Monitoring Wildlife

Counting wildlife populations to assess their status requires applying systematic methodologies across time and space. For years, I have worked extensively on improving the management of wildlife survey data. I started working with survey data when I worked for Wildlife Conservation Society in the Democratic Republic of Congo (DRC) to support wildlife monitoring, forest monitoring, and landuse planning efforts.

Large-scale foot surveys were repeated roughly every 4-5 years so as to inform local management and prioritization within the conservation community. Forest surveys require painstaking on-foot missions which record.

It is vital that key parameters be collected and packaged with survey data for future longitudinal analysis. My work has focused on creating a standardized Central Africa data dictionary for use with SMART (Spatial Monitoring and Reporting Tool). I teamed with World Resources Institute to develop a bilingual data dictionary and schema for forest large mammal data in Central Africa.

I am currently working on forest survey data again, this time to standardize newer datasets to the common model, including common metadata requirements. This data will be used in a range-wide population assessment of forest elephants.

Savannah surveys are an effective way of monitoring elephants, giraffe, rhino, and other large mammals. These surveys require systematic flight patterns, including consistent speed and height above ground, over open habitat and well-trained observers to identify the wildlife from the air.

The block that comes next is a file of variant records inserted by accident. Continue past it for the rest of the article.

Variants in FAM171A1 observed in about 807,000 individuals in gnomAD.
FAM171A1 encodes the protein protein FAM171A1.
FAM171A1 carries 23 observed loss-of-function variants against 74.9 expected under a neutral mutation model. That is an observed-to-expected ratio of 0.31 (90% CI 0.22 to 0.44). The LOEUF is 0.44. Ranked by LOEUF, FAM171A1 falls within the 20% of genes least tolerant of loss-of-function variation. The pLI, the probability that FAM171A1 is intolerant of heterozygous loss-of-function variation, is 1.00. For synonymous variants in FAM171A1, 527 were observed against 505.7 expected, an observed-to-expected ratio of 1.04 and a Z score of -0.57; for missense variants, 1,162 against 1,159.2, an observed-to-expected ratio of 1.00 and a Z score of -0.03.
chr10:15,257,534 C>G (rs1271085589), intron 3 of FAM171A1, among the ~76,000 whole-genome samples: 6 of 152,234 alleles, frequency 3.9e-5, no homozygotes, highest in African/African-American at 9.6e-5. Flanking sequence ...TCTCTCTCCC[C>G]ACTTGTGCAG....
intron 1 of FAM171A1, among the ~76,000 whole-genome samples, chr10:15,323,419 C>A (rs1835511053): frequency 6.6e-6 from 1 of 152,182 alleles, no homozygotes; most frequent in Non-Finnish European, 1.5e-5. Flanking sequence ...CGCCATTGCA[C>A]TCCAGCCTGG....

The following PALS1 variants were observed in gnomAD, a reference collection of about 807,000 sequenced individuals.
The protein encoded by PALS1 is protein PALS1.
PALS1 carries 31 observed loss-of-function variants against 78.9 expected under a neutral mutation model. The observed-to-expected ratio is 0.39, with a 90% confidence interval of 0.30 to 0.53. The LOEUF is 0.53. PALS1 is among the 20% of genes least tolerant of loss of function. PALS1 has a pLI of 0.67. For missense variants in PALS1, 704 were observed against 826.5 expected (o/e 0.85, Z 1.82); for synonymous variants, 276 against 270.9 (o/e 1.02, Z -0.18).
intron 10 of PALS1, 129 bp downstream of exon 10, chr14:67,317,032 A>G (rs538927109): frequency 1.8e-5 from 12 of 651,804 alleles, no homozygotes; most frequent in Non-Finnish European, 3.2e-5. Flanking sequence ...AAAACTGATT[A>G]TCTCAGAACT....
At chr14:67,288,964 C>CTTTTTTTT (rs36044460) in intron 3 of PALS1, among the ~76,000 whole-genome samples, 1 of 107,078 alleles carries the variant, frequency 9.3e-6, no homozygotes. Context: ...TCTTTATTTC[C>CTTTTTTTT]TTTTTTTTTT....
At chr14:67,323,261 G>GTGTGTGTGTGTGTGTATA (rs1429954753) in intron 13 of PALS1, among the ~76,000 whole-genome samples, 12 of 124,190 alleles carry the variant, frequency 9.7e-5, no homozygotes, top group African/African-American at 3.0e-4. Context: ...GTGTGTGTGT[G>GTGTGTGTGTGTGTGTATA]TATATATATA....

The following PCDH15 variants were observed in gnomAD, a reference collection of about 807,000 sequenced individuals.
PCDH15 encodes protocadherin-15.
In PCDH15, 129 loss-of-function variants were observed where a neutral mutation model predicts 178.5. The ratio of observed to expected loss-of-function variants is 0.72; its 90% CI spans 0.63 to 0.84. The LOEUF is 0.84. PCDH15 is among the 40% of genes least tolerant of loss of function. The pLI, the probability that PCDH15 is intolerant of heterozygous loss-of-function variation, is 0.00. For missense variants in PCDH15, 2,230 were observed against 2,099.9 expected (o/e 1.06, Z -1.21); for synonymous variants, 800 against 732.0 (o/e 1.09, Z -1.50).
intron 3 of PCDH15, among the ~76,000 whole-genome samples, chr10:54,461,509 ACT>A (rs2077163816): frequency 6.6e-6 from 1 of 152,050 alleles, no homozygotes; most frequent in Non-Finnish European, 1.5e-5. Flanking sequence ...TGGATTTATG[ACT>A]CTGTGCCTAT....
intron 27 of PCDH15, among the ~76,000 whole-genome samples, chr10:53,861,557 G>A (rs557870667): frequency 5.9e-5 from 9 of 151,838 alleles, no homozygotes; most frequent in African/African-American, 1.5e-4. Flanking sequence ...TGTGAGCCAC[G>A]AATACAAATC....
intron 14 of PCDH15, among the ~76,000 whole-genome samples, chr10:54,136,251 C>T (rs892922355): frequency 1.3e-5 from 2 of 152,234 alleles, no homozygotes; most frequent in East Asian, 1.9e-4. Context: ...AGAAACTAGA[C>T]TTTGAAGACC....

My role supported the data infrastructure for conducting the Great Elephant Census, a nearly continent-wide assessment of savannah elephants.

Mapping Critical Conservation Areas

In 2014-2015, I worked with the Worldwide Fund for Nature to assess the extent of the existing protected area network in DRC. Like many countries, DRC has pledged to protect a minimum proportion of their land and marine for conservation. However, DRC lacks clarity about the current extent of its protected domain, and opted to conduct a comprehensive review of the state of its protected areas. My work involved reviewing the original texts (in French) which defined each protected area, many of which were officially gazetted during the colonial area. The output of this work was an updated map of the protected area network.

In my role at Vulcan, I combined data from NGO customers with open data, like OpenStreetMap to add important details to web maps which form the main interface of DAS, now EarthRanger, which is a real-time park management software deployed in several parks in Africa.

Locating and Mapping Critical Assets

Cascadia Archaeology, my client conducted cultural resource assessments to understand how any given project would impact assets of critical importance, such as burial sites, ancient art, or other s

I built data dictionaries for Cascadia to use on their Garmin devices for capturing the critical information required for their assessments, processed data, and designed maps for their reports.